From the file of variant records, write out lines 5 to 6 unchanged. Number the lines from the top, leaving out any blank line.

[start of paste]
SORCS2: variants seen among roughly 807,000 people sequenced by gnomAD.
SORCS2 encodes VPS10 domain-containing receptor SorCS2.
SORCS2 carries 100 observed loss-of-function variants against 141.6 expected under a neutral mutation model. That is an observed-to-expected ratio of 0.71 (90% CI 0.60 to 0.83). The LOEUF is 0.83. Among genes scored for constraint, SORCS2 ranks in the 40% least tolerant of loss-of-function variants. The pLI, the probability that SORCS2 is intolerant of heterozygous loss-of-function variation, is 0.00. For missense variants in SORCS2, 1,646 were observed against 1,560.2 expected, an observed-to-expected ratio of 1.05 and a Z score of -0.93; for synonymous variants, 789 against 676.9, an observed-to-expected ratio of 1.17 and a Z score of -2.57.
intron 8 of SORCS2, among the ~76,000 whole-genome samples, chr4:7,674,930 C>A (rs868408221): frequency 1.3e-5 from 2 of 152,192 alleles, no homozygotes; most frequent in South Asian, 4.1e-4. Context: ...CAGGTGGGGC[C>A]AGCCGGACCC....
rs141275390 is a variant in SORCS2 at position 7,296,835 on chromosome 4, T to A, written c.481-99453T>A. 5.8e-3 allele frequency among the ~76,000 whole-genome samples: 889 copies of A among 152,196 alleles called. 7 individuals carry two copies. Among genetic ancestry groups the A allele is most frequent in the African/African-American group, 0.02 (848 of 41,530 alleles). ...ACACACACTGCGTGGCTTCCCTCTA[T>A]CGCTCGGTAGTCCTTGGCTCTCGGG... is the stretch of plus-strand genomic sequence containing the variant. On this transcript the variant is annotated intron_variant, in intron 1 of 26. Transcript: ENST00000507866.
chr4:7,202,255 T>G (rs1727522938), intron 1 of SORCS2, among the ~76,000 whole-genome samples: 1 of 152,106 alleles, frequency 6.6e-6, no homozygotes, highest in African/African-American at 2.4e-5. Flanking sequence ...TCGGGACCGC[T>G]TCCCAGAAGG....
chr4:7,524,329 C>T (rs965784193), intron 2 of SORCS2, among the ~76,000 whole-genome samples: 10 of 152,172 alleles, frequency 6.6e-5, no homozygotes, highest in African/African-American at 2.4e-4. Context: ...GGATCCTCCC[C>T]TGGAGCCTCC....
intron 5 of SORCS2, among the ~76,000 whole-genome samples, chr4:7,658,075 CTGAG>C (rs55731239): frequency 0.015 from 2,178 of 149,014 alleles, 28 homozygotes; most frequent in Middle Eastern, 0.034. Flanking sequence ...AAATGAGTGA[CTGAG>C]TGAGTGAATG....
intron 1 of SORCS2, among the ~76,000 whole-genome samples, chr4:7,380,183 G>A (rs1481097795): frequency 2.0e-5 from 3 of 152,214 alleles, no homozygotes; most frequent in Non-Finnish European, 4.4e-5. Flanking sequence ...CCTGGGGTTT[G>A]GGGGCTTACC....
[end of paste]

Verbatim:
rs141275390 is a variant in SORCS2 at position 7,296,835 on chromosome 4, T to A, written c.481-99453T>A. 5.8e-3 allele frequency among the ~76,000 whole-genome samples: 889 copies of A among 152,196 alleles called. 7 individuals carry two copies. Among genetic ancestry groups the A allele is most frequent in the African/African-American group, 0.02 (848 of 41,530 alleles). ...ACACACACTGCGTGGCTTCCCTCTA[T>A]CGCTCGGTAGTCCTTGGCTCTCGGG... is the stretch of plus-strand genomic sequence containing the variant. On this transcript the variant is annotated intron_variant, in intron 1 of 26. Transcript: ENST00000507866.
chr4:7,202,255 T>G (rs1727522938), intron 1 of SORCS2, among the ~76,000 whole-genome samples: 1 of 152,106 alleles, frequency 6.6e-6, no homozygotes, highest in African/African-American at 2.4e-5. Flanking sequence ...TCGGGACCGC[T>G]TCCCAGAAGG....